- The Washington Times - Tuesday, December 10, 2019

Entrepreneur Andrew Yang on Tuesday became the seventh active candidate to hit the benchmarks to qualify for the Democratic presidential debate later this month, amid lobbying from within the party to rework the Democratic National Committee’s oft-criticized polling and fundraising criteria.

Thursday is the deadline to qualify for the Dec. 19 debate, which is now likely to feature those seven candidates — down from 10 last month — and deny outsiders running low on cash one of their last major shot at the national stage before voters head to the polls.

“If you think about it, that is really the only chance you have as a non-Bloomberg candidate to get your message out there, is the debates,” said John Couvillon, a Louisiana-based pollster. “That becomes the universe of candidates — those who showed up on the stage.”

Mr. Yang was at 4% support among Democratic voters and Democratic-leaning independent voters, according to a national Quinnipiac University poll released Tuesday.

That was his fourth qualifying poll. To qualify, candidates have to register at least 4% support in four DNC-approved national or early-state polls, or hit 6% support in two early-state polls.



Candidates also have to prove they’ve gotten campaign contributions from at least 200,000 individual donors, a mark Mr. Yang had already met.

Mr. Yang, perhaps best known for his proposal to pay every American a $1,000-per-month stipend, posted a clip of himself shooting hoops to celebrate the news.

“It’s official! We’re headed to the December Debate! Couldn’t have done it without all the amazing support from the #yanggang,” he tweeted.

Two active candidates who participated in last month’s debate are in danger of being left off the debate stage in Los Angeles. Sen. Cory A. Booker of New Jersey and Rep. Tulsi Gabbard of Hawaii have hit the 200,000 donor requirement but have not yet amassed support in enough qualifying polls.

Former Secretary of Housing and Urban Development Julian Castro, who was not in last month’s debate, also has crossed the donor threshold but is short on the polling side.

But Ms. Gabbard, who has tangled with the DNC over the debate qualification process, appeared to preemptively take herself off the stage on Tuesday anyway.

“For a number of reasons, I have decided not to attend the December 19th ‘debate’ — regardless of whether or not there are qualifying polls,” she tweeted. “I instead choose to spend that precious time directly meeting with and hearing from the people of New Hampshire and South Carolina.”

Though the DNC will have the final say, it appears that six other candidates have qualified for the next debate: former Vice President Joseph R. Biden; Mayor Pete Buttigieg of South Bend, Indiana; Sens. Amy Klobuchar of Minnesota, Bernard Sanders of Vermont and Elizabeth Warren of Massachusetts; and former hedge fund manager Tom Steyer.

Sen. Kamala D. Harris of California also had hit the benchmarks, but she dropped out of the race last week.

In recent days, Mr. Booker has lamented a process that will likely ensure there are “more billionaires than black people” on the stage after Ms. Harris’s departure from the race.

“I’m a little upset with the [DNC] right now because they seem to be trying to make the decisions for you,” Mr. Booker, who is black, told an Iowa crowd on Sunday, according to The Associated Press.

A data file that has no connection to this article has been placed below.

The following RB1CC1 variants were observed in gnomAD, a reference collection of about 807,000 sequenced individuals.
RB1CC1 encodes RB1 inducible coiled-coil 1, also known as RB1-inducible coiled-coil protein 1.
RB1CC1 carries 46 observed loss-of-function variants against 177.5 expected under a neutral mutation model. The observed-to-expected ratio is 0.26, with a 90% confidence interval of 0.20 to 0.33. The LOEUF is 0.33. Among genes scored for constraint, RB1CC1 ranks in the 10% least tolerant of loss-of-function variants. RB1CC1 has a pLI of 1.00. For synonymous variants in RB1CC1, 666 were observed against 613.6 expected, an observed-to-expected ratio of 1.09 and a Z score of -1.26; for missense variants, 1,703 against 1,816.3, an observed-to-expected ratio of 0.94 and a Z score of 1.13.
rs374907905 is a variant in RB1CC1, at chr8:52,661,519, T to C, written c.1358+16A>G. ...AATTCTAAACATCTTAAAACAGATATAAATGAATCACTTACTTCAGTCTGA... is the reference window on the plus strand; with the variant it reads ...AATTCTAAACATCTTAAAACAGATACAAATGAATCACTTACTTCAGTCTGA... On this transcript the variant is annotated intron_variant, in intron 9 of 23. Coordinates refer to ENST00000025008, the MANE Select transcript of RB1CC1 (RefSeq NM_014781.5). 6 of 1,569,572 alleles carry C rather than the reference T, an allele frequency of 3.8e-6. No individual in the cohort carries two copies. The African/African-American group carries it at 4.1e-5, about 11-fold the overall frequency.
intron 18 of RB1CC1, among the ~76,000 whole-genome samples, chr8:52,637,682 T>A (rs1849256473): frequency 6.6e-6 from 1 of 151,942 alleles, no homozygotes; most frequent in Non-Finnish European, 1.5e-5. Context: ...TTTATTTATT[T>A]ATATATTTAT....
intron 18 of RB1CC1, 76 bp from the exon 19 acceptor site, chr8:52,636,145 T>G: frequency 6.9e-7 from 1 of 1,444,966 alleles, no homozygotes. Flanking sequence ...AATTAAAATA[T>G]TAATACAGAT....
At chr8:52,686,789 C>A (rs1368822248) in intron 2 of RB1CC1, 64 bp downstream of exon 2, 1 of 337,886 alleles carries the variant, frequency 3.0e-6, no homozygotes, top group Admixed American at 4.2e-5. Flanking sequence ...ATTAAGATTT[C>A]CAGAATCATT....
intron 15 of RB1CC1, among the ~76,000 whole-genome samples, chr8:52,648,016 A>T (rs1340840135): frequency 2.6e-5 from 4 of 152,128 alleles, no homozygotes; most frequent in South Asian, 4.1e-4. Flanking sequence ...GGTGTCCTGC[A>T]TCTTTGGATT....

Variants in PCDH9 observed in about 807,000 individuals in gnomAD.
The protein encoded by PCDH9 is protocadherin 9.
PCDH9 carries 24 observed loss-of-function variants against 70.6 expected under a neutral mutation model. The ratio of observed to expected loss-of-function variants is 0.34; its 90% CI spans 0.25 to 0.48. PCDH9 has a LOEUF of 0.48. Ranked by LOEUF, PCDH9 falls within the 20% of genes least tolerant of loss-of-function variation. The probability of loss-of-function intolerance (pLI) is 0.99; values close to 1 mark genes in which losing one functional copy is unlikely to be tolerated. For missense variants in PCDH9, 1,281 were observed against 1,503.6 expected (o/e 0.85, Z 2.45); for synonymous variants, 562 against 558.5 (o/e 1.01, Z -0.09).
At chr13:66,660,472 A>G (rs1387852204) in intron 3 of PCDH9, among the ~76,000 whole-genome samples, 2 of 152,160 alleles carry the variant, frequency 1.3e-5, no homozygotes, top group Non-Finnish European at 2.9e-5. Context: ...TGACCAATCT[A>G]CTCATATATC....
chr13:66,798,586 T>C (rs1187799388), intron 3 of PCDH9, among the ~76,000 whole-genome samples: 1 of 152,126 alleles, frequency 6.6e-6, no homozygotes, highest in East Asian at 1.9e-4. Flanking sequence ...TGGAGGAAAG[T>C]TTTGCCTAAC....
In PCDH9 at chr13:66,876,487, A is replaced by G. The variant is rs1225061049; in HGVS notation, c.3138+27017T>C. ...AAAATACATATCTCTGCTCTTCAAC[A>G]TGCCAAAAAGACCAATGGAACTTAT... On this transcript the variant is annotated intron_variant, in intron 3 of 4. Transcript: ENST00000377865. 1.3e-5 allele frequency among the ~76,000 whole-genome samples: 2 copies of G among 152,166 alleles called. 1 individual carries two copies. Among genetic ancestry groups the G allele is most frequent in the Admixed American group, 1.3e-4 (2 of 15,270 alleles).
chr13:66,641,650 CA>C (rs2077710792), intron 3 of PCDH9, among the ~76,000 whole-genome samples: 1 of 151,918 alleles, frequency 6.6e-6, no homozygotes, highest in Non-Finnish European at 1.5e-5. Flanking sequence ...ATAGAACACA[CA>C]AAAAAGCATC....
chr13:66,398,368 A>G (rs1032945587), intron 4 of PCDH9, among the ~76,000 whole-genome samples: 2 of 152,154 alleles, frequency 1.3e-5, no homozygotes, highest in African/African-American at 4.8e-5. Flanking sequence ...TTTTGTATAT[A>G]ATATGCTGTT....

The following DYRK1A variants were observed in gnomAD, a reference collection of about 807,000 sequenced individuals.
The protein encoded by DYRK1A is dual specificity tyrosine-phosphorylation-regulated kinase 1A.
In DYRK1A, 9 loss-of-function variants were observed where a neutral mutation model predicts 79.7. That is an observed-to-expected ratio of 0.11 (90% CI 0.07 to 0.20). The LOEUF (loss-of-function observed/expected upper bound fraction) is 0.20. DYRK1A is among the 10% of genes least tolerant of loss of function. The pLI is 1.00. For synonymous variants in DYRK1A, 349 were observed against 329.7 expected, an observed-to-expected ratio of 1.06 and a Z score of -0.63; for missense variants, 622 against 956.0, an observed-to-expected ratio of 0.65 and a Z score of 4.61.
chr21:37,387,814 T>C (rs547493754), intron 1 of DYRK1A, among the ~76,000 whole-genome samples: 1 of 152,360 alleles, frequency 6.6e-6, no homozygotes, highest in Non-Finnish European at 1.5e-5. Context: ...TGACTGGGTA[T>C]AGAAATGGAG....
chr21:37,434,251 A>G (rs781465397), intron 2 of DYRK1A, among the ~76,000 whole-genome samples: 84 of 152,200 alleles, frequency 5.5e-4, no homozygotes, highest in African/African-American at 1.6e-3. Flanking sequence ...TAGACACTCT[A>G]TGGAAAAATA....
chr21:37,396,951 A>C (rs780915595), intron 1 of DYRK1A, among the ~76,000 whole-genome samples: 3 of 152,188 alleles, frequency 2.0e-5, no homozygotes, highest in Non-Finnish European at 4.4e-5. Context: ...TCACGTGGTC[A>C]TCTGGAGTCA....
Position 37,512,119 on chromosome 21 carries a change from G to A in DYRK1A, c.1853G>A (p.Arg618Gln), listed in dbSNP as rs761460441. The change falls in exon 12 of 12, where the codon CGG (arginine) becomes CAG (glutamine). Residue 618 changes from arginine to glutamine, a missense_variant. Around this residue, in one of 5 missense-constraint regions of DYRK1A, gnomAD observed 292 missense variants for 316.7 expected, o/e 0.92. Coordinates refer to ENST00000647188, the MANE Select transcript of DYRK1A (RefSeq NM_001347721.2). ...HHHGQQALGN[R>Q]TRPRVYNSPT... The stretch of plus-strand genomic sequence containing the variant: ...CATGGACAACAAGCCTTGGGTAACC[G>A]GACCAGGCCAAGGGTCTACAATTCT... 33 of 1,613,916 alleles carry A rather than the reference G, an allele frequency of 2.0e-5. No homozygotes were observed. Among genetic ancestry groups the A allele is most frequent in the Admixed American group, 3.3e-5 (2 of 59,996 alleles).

Mr. Castro, who is Hispanic, has lodged similar complaints about a lack of diversity in the remaining crop of candidates.

At a meeting of the New Hampshire Democratic State Committee over the weekend, attendees approved a motion presented by state Sen. Martha Fuller Clark urging DNC leadership to “revisit” the qualifying criteria, according to a state party spokesperson.

“On behalf of the NHDP state committee, we call upon the DNC to lift the barriers as to whom can qualify for the Democratic Presidential Primary debates,” the motion says. “We ask for this important change to be made on the basis of ensuring greater diversity with regard to gender, race, and personal financial resources.”

The DNC has defended its metrics throughout the process, saying viable candidates should be able to clear the benchmarks and that no candidate polling below 4% at this stage in the primaries has gone on to be the party’s nominee.

DNC spokeswoman Xochitl Hinojosa said that collectively, more women and candidates of color have participated in the debates than billionaires.

“We have made diversity a priority by requiring that every debate have women and people of color as moderators,” she said. “We’ve never seen a political party take this many steps to be inclusive.”

Other contenders unlikely to qualify include Sen. Michael Bennet of Colorado, former New York Mayor Michael R. Bloomberg, former Rep. John Delaney of Maryland, former Massachusetts Gov. Deval Patrick, and author Marianne Williamson.

Mr. Bloomberg, who along with Mr. Patrick entered the race just last month, has surged to as high as fifth place in some recent national polling. But the billionaire businessman and former mayor has declined to actively raise money and isn’t putting an emphasis on meeting the DNC’s qualifications, instead relying on a deluge of television advertisements and personal appearances to get his message out.

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